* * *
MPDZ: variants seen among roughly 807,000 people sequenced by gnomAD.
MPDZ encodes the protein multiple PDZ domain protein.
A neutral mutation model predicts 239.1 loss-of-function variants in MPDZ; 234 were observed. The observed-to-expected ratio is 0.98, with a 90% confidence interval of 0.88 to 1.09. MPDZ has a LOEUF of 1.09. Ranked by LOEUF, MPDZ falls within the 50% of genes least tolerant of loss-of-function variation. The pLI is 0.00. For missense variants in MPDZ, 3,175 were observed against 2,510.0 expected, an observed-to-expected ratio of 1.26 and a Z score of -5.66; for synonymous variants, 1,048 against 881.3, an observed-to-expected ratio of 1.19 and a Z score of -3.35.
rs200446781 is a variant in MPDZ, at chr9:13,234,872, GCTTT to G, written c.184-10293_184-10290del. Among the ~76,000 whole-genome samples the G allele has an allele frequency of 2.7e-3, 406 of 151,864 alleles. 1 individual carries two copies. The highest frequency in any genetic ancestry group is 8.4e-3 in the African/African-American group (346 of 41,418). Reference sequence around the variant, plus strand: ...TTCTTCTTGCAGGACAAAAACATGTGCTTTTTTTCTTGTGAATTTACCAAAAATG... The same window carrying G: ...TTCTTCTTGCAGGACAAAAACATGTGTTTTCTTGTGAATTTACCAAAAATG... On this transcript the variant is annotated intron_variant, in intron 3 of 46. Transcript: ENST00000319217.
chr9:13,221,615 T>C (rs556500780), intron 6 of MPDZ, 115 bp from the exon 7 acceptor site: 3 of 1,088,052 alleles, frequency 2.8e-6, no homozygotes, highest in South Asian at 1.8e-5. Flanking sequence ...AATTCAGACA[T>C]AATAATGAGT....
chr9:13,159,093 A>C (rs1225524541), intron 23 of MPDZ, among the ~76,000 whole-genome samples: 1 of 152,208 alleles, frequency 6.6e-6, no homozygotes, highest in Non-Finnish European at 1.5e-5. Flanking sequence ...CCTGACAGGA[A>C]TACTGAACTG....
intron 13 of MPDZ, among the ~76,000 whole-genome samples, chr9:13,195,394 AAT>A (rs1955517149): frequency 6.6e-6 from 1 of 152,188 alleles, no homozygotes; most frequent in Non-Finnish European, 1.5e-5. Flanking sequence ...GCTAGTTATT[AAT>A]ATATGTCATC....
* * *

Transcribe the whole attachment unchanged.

MPDZ: variants seen among roughly 807,000 people sequenced by gnomAD.
MPDZ encodes the protein multiple PDZ domain protein.
A neutral mutation model predicts 239.1 loss-of-function variants in MPDZ; 234 were observed. The observed-to-expected ratio is 0.98, with a 90% confidence interval of 0.88 to 1.09. MPDZ has a LOEUF of 1.09. Ranked by LOEUF, MPDZ falls within the 50% of genes least tolerant of loss-of-function variation. The pLI is 0.00. For missense variants in MPDZ, 3,175 were observed against 2,510.0 expected, an observed-to-expected ratio of 1.26 and a Z score of -5.66; for synonymous variants, 1,048 against 881.3, an observed-to-expected ratio of 1.19 and a Z score of -3.35.
rs200446781 is a variant in MPDZ, at chr9:13,234,872, GCTTT to G, written c.184-10293_184-10290del. Among the ~76,000 whole-genome samples the G allele has an allele frequency of 2.7e-3, 406 of 151,864 alleles. 1 individual carries two copies. The highest frequency in any genetic ancestry group is 8.4e-3 in the African/African-American group (346 of 41,418). Reference sequence around the variant, plus strand: ...TTCTTCTTGCAGGACAAAAACATGTGCTTTTTTTCTTGTGAATTTACCAAAAATG... The same window carrying G: ...TTCTTCTTGCAGGACAAAAACATGTGTTTTCTTGTGAATTTACCAAAAATG... On this transcript the variant is annotated intron_variant, in intron 3 of 46. Transcript: ENST00000319217.
chr9:13,221,615 T>C (rs556500780), intron 6 of MPDZ, 115 bp from the exon 7 acceptor site: 3 of 1,088,052 alleles, frequency 2.8e-6, no homozygotes, highest in South Asian at 1.8e-5. Flanking sequence ...AATTCAGACA[T>C]AATAATGAGT....
chr9:13,159,093 A>C (rs1225524541), intron 23 of MPDZ, among the ~76,000 whole-genome samples: 1 of 152,208 alleles, frequency 6.6e-6, no homozygotes, highest in Non-Finnish European at 1.5e-5. Flanking sequence ...CCTGACAGGA[A>C]TACTGAACTG....
intron 13 of MPDZ, among the ~76,000 whole-genome samples, chr9:13,195,394 AAT>A (rs1955517149): frequency 6.6e-6 from 1 of 152,188 alleles, no homozygotes; most frequent in Non-Finnish European, 1.5e-5. Flanking sequence ...GCTAGTTATT[AAT>A]ATATGTCATC....